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Laying down the groundwork for mental health

Posted By Patricia Golan On March 25, 2007 @ 6:25 pm In | No Comments

‘I’m not only looking at what produces diseases, but at the other side of the equation – what are the social aspects that are a result of the disease.’ – Julie Cwikel.The first time Julie Cwikel heard the term ‘social epidemiology’ was from a former hippie who had traveled with the famous Merry Pranksters psychedelic bus across the US in the 1960s. Little did she know that years later, as a professor of social work at Israel’s Ben Gurion University of the Negev (BGU), she’d end up writing the first comprehensive textbook on the subject.

It is a telling fact that throughout the world, 60% of social workers are engaged in work connected to health problems: aging, psychiatry, children’s developmental problems, rehabilitation, hospitals, etc. The aim of social epidemiology is to promote health at both the individual and population level. The field combines epidemiology (the study of the distribution and determinants of disease and injury in human populations) with the social and behavioral sciences.

According to the thesis, the health of any society or population is intrinsically linked to its social structure and social problems. Public health issues such as infectious diseases, violence, obesity, child abuse and drug use, are related to overall trends in society, as well as to individual behavior. Cwikel’s book Social Epidemiology, Strategies for Public Health Activism teaches how to study the connections between society and health and use that knowledge to promote health.

Cwikel, who had immigrated to Israel from the US in the 1960s, had returned to America to work on her doctoral thesis on how social networks affect health at the University of Michigan, Ann Arbor, where she met the person who uttered the phrase that would guide her work – Prof. Larry Brilliant.

“Brilliant’s guru in India had told him he was meant to solve the world’s public health problems, and to return to medical school,” Cwikel told ISRAEL21c. As a member of the World Health Organization, Brilliant was one of the people tracking down the disappearance of smallpox in the world.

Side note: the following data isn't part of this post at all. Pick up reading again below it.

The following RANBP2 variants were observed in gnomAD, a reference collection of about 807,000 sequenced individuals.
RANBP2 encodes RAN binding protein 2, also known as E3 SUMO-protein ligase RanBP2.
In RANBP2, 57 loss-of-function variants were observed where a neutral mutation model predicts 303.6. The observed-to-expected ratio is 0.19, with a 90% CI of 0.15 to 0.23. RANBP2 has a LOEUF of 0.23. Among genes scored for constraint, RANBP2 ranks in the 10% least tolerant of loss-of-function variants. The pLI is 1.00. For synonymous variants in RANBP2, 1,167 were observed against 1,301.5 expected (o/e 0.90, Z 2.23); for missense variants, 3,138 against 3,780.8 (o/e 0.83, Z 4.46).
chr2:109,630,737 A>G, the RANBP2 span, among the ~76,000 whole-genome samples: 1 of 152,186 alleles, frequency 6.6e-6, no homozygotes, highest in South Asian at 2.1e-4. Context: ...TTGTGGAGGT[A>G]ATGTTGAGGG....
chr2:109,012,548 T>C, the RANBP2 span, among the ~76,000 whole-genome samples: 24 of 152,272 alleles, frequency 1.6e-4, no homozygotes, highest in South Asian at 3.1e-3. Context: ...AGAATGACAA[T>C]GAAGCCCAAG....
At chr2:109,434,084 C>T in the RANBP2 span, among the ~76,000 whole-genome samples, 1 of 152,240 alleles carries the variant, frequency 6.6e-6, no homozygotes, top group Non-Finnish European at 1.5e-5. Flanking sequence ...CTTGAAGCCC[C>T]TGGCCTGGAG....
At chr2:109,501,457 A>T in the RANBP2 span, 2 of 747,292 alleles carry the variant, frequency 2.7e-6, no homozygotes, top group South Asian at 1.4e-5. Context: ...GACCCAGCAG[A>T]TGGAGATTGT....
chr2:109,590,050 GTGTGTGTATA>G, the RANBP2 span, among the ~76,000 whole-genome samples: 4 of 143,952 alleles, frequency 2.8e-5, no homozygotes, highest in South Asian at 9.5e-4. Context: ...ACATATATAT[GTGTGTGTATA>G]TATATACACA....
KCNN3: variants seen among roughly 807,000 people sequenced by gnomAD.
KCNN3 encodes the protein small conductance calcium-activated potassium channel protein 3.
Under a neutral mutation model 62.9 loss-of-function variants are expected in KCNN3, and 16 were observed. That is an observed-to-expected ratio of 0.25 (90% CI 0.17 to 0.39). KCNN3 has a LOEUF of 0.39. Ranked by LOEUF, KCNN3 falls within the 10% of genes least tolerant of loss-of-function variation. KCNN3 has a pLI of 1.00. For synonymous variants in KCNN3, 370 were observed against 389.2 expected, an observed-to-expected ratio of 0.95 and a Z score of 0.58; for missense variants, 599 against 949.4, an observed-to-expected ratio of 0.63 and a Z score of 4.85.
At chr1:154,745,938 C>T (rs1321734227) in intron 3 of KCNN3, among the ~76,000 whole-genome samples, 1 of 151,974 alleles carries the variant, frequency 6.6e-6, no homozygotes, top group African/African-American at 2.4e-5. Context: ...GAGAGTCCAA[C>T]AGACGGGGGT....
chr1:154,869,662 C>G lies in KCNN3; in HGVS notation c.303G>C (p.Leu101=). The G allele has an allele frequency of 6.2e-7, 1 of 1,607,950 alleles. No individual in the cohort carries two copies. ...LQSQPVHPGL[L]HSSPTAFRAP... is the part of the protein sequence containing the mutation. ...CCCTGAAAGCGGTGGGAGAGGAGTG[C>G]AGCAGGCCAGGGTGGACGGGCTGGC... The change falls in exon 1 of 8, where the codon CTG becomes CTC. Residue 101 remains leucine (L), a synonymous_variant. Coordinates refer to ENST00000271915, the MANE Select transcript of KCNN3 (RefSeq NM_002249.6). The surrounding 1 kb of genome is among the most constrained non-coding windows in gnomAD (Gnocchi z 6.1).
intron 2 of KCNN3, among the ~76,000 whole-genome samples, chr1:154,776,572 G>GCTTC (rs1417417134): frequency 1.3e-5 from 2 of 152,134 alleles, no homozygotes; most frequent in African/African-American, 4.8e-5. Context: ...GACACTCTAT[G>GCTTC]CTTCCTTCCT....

The term ‘social epidemiology’ was also employed by another of Cwikel’s teachers at Ann Arbor, Dr. Jill Josephs, who had published one of the first papers on psycho-social determinants of the AIDS epidemic.

Cwikel found the idea of combining the methodologies of social sciences and public health an exciting concept. Her late father, John Goldsmith, was a world-renowned environmental epidemiologist, and her brother is also an occupational epidemiologist. She had studied biology before earning two degrees in social work. In the early 1980s she decided to do her doctorate in the field of public health.

“I came to epidemiology with two degrees in social work. Since by training I was attuned to social interactions, I thought social epidemiology was a great idea,” she said. “But although everyone seemed to be talking about this approach, there was no textbook.”

When Cwikel returned to Israel she decided to take up the challenge, but work on the first social epidemiology textbook would take 12 years. While edited volumes on selected topics in social epidemiology have been published in the past few years, “what makes this a breakthrough book,” says Cwikel, “is that it combines two sets of knowledge and methodologies: social sciences and public health. This is not that simple; researchers are taught one or the other.”

Aimed at practitioners and researchers from schools of social work, public health and allied health professions such as physiotherapy and nursing around the world, Cwikel’s book is a how-to book, providing a set of tools for practice.